The term transposition describes an abnormal or discordant ventriculoarterial connection in which the aorta arises from the morphologically right ventricle and the pulmonary artery arises from the morphological left ventricle. Cyanosis in the first day of life suggests the possibility of transposition and if the ventricular septum is intact, patients become severely cyanotic within hours of birth. When the transposition is associated with a large ventricular septal defect (VSD), cyanosis is less and may not be noticed in the first few months. Diagnosis should be done rapidly from hyperoxia test, chest x-ray, ECG and echocardiography. Prostaglandin infusion should be started immediately and balloon atrial septostomy (BAS) should be performed to allow mixing between pulmonary and systemic circulation. Then, ideally, anatomical correction or arterial switch operation should be performed within one month of age.
A newborn term in baby weighing 4 Kg had been admitted to the neonatal intensive care unit (ICU) immediately after cesarean section with the diagnosis of perinatal asphyxia and aspiration pneumonia. He had a history of delayed cry after delivery and his APGAR score was six at first and fifth minutes of life. He was tachypneic and cyanosed on admission, his chest x-ray showed no evidence of lungs pathology. Hyperoxia test was positive in favor of cyanotic congenital heart disease. He had been suspected clinically as a case of TGA and confirmed later by color Doppler echocardiography. Echocardiography also showed a small perimembranous VSD of 2 mm size and a tiny PDA. In the initial three days, he was stable in spite of desaturation and tachypnoea but from the fourth day he had started showing signs of hemodynamic instability with desaturation and severe respiratory distress. His condition was discussed with the parents and decision was taken for urgent balloon atrial septostomy as a life-saving measure. A central femoral venous line was established and dopamine infusion started. He was taken to the cath laboratory on the fifth day of his life and balloon atrial septostomy was done with the aim to create a hole in the atrial septum.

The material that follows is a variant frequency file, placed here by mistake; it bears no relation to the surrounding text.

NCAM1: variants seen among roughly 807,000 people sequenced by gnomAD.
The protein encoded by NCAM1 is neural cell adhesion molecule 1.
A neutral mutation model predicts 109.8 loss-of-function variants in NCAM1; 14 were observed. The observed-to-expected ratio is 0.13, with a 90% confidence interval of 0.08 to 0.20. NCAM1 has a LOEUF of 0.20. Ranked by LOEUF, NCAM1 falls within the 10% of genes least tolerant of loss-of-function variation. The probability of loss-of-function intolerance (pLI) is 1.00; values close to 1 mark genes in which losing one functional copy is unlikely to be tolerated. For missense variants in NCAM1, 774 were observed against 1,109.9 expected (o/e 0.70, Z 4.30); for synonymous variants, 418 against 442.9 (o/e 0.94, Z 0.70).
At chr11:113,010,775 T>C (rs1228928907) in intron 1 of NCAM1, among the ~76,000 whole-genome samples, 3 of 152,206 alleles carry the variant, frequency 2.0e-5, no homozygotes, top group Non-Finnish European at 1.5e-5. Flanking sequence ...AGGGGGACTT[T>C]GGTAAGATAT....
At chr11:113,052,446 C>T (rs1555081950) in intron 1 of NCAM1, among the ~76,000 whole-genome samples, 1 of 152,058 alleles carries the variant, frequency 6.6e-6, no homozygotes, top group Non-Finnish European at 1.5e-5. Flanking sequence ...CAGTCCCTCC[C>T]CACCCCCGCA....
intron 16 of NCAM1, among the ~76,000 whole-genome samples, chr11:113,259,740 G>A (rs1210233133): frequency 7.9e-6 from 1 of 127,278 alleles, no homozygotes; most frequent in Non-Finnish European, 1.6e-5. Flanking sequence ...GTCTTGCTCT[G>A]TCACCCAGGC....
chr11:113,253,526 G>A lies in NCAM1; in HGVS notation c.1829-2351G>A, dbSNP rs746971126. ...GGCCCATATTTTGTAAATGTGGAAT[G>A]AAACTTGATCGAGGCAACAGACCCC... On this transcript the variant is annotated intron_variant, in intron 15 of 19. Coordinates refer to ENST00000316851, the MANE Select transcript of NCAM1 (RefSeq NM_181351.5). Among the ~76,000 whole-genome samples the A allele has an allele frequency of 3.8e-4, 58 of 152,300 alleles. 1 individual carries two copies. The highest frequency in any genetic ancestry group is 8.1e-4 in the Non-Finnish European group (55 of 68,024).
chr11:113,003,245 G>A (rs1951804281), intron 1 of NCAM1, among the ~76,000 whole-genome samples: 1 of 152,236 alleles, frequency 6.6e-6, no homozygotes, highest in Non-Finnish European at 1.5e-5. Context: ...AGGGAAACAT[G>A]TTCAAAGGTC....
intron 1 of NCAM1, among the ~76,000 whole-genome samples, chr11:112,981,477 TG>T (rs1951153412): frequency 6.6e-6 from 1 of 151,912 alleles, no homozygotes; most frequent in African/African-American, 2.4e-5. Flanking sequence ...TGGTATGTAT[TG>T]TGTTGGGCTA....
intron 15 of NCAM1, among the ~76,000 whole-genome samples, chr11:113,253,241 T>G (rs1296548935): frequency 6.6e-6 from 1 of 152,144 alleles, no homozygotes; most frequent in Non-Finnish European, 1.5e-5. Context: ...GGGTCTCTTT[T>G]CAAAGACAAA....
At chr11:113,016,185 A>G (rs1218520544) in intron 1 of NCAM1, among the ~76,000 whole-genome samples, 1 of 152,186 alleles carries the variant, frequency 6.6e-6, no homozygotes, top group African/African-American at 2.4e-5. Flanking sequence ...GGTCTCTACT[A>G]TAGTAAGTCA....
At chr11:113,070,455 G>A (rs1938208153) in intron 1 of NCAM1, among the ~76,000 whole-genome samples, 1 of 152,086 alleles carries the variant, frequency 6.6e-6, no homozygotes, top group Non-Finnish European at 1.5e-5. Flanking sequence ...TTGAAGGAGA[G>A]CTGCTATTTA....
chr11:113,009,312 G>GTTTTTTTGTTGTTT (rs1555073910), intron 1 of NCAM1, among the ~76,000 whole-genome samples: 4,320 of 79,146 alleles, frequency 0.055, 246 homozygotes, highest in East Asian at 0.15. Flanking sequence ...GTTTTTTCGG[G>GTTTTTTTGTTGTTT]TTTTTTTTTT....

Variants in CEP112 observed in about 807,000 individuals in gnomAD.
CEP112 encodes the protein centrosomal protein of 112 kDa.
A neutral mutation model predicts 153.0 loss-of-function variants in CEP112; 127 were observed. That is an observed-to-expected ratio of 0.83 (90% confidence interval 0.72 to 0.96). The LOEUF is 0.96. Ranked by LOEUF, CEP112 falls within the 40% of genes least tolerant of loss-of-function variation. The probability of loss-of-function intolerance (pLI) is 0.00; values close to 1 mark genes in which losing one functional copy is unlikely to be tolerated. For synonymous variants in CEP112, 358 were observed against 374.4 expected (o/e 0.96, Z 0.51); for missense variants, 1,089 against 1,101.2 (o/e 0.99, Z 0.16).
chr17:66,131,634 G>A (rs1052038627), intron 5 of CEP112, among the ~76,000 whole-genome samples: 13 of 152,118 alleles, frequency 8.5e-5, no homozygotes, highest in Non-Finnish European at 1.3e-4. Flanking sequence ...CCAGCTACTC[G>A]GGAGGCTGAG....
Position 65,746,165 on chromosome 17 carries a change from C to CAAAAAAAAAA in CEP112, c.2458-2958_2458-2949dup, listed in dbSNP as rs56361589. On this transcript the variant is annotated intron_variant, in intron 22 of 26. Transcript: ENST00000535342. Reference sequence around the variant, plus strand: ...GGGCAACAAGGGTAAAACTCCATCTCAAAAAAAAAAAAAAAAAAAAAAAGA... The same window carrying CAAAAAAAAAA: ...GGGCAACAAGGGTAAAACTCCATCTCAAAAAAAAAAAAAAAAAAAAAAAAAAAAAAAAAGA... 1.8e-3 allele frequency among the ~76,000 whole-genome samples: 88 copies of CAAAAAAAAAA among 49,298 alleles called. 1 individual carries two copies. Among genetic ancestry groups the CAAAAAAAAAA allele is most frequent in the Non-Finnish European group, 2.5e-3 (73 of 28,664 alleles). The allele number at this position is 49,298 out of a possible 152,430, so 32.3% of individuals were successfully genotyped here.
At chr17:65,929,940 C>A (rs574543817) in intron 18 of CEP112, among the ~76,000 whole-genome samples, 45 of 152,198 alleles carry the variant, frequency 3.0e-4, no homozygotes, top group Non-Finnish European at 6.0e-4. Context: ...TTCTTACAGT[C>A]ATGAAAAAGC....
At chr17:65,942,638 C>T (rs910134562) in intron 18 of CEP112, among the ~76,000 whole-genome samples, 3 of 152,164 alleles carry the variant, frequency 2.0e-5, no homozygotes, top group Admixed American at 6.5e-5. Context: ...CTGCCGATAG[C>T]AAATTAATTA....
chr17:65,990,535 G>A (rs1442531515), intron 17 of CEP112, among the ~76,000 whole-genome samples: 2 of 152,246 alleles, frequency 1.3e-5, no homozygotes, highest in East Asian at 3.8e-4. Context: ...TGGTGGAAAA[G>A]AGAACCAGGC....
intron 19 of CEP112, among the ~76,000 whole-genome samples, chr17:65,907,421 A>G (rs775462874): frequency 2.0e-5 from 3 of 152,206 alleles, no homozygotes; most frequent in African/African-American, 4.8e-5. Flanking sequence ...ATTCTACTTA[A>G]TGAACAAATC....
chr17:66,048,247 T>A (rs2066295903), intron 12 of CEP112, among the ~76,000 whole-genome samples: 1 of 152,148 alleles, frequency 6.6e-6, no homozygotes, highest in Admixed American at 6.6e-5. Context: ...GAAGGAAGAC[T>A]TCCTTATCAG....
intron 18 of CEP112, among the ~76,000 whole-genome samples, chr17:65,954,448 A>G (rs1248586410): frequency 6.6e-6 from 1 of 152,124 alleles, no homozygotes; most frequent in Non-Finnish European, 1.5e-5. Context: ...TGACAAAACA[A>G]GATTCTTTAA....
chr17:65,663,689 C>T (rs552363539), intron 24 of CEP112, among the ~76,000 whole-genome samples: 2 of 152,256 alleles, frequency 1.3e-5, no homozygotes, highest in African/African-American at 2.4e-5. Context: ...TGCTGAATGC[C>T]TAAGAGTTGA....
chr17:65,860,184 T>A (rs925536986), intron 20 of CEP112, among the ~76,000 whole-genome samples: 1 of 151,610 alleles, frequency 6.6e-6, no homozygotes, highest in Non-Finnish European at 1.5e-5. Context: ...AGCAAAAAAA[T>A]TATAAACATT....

Equipment used: 7 Fr catheter introducer sheath, 20G leader catheter, Haemostatic bleed back valve, 5Fr
NIH catheter, Miller septostomy balloon, pressure tubing red line (line I) and blue line (line, II), 20G x 11/2″
needle and .021 x 100 cm guidewire. Drugs used: Ini. Ketamine (1.5 mg/Kg) and Inj. Midazolam (0.1 mg/Kg I.V.)
Procedure: The patient was sedated initially with Inj. Ketamine and Midazolam and secured to the table.
He was then connected to the ECG monitoring and pulse oximetry and baseline readings are taken. Cleaning and draping was done leaving both femoral areas exposed. The groins were anesthetized with 1% lignocaine. The left femoral vein was entered percutaneously and a 7Fr sheath was placed. A 5Fr NIH catheter was attached to line II and flushed whilst advancing the catheter through the sheath to inferior vena cava (IVC). A saturation and pressure run was performed in all chambers of the right side of the heart i.e. superior vena cava (SVC), innominate vein, right atrium, right ventricle (RV) etc. Also, 1 ml of dye was injected into the innominate vein to rule out the presence or absence of left SVC. Cine angiogram was performed in the right ventricle which showed aorta arising from the RV. Then NIH catheter was taken out. Miller septostomy balloon was checked properly and introduced through IVC to the right atrium and then to the left atrium through foramen ovate. The balloon was inflated initially with 2 ml contrast taking care about the safety of the pulmonary veins and mitral valve. Balloon was then withdrawn gradually until it pressed against the atrial septum. Inflated and locked balloon was then pulled down with sudden jerk across the septum. Care was taken to prevent complication like avulsion of the IVC. The balloon was deflated immediately to avoid occlusion of the IVC. This procedure was repeated four times with increasing amount of contrast inside the balloon (up to 4 ml). The balloon was then removed on negative pressure. Again NIH catheter was used to run saturation and pressure on the right as well as left side of the heart. A cine angiogram was obtained from left ventricle this time. On completion of the procedure, the femoral venous line was preserved for giving medication. The whole procedure was performed under anesthesia